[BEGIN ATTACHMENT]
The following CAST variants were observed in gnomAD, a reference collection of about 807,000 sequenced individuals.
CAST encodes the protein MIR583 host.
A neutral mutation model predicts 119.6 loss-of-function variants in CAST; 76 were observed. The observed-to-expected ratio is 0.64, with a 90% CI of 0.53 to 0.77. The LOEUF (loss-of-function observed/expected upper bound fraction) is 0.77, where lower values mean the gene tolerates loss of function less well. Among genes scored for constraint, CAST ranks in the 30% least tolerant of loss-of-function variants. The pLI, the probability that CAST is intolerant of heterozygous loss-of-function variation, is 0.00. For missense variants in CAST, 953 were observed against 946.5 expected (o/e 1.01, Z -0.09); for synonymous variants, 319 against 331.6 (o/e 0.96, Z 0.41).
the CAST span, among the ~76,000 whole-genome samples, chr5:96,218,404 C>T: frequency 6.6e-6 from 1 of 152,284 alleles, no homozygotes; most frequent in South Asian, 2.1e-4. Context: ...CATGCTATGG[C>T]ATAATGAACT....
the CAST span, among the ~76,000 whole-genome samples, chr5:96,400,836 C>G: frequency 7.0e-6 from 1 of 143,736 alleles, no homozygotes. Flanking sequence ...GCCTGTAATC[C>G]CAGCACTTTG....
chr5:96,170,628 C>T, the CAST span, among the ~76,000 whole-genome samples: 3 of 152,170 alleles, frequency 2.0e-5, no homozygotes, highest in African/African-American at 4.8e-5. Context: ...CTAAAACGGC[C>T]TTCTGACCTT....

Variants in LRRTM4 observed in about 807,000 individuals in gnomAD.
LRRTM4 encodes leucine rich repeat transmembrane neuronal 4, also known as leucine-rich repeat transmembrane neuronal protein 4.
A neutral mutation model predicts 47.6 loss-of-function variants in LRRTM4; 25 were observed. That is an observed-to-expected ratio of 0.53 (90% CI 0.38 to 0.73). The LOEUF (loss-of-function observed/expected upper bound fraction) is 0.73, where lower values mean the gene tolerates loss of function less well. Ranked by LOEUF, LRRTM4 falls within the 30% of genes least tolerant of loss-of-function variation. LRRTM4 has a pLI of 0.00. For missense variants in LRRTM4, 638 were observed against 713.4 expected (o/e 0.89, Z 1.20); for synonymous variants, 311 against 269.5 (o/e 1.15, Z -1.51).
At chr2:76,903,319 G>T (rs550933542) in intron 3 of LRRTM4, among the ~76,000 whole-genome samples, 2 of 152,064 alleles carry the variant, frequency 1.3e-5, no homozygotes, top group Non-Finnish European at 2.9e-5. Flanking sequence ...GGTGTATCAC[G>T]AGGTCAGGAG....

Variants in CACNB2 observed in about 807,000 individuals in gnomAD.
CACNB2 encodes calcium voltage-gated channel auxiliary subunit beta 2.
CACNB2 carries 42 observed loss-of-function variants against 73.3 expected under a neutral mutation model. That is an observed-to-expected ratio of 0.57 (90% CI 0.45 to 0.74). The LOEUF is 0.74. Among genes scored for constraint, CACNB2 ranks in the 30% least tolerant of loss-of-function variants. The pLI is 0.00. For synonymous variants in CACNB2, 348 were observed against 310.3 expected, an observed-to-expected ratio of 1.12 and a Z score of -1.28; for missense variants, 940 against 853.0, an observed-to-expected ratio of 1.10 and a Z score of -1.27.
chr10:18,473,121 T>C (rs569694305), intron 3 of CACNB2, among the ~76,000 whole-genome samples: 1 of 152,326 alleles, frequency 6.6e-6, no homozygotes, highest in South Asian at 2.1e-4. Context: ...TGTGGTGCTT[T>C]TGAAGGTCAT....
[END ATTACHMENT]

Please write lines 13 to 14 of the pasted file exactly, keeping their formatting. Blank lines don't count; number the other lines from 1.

CACNB2 carries 42 observed loss-of-function variants against 73.3 expected under a neutral mutation model. That is an observed-to-expected ratio of 0.57 (90% CI 0.45 to 0.74). The LOEUF is 0.74. Among genes scored for constraint, CACNB2 ranks in the 30% least tolerant of loss-of-function variants. The pLI is 0.00. For synonymous variants in CACNB2, 348 were observed against 310.3 expected, an observed-to-expected ratio of 1.12 and a Z score of -1.28; for missense variants, 940 against 853.0, an observed-to-expected ratio of 1.10 and a Z score of -1.27.
chr10:18,473,121 T>C (rs569694305), intron 3 of CACNB2, among the ~76,000 whole-genome samples: 1 of 152,326 alleles, frequency 6.6e-6, no homozygotes, highest in South Asian at 2.1e-4. Context: ...TGTGGTGCTT[T>C]TGAAGGTCAT....